It has been shown that aggregates produce one row of output with one value per aggregate. However, the above SELECT is inconvenient if individual aggregates are needed based on different values in another column, like the class code. For example, you might want to see each aggregate for freshman, sophomores, juniors, and seniors.
The following SQL might be run once for each unique value specified in the WHERE clause for class code, here the aggregates only work on the senior class (‘SR’):
Although this technique works for finding each class, it is not very convenient. The first issue is that each unique class value needs to be known ahead of time for each execution. Second, each WHERE clause must be manually modified for the different values needed. Lastly, each time the SELECT is executed, it produces a separate output. In reality, it might be better to have all the results in a single report format.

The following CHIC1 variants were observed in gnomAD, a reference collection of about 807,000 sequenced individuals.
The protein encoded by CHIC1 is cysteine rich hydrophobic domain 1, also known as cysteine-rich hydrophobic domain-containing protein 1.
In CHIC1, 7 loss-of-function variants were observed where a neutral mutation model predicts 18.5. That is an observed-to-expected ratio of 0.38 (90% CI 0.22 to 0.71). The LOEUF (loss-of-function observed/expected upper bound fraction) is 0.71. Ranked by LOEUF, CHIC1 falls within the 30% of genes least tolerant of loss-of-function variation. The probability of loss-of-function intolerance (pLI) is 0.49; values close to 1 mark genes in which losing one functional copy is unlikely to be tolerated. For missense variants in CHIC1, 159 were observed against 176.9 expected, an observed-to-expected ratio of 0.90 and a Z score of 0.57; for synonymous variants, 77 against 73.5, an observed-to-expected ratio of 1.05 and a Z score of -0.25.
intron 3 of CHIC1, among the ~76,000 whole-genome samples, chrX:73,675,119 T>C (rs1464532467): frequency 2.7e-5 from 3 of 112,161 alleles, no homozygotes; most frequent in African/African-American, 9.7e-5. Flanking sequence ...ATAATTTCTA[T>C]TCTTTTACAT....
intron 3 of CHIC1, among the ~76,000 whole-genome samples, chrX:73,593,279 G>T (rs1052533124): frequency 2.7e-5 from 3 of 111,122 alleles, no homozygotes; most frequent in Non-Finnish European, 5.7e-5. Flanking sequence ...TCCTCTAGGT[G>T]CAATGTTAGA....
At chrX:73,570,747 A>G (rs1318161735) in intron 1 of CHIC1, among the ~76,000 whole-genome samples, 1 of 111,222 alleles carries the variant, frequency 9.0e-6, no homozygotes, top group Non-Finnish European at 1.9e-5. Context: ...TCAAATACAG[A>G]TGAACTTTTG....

Since the results of aggregates are incorporated into a single output line, it is necessary to create a way to provide one line returned per a unique data value. To provide a unique value, it is necessary to select a column with a value that groups various rows together. This column is simply selected and not used in an aggregate. Therefore, it is a not an aggregated column.
However, when aggregates and "non-aggregates" (normal columns) are selected at the same time, a 3504 error message is returned to indicate the mixture and that the nonaggregate is not part of an associated group. Therefore, the GROUP BY is required in the SQL statement to identify every column selected that is not an aggregate.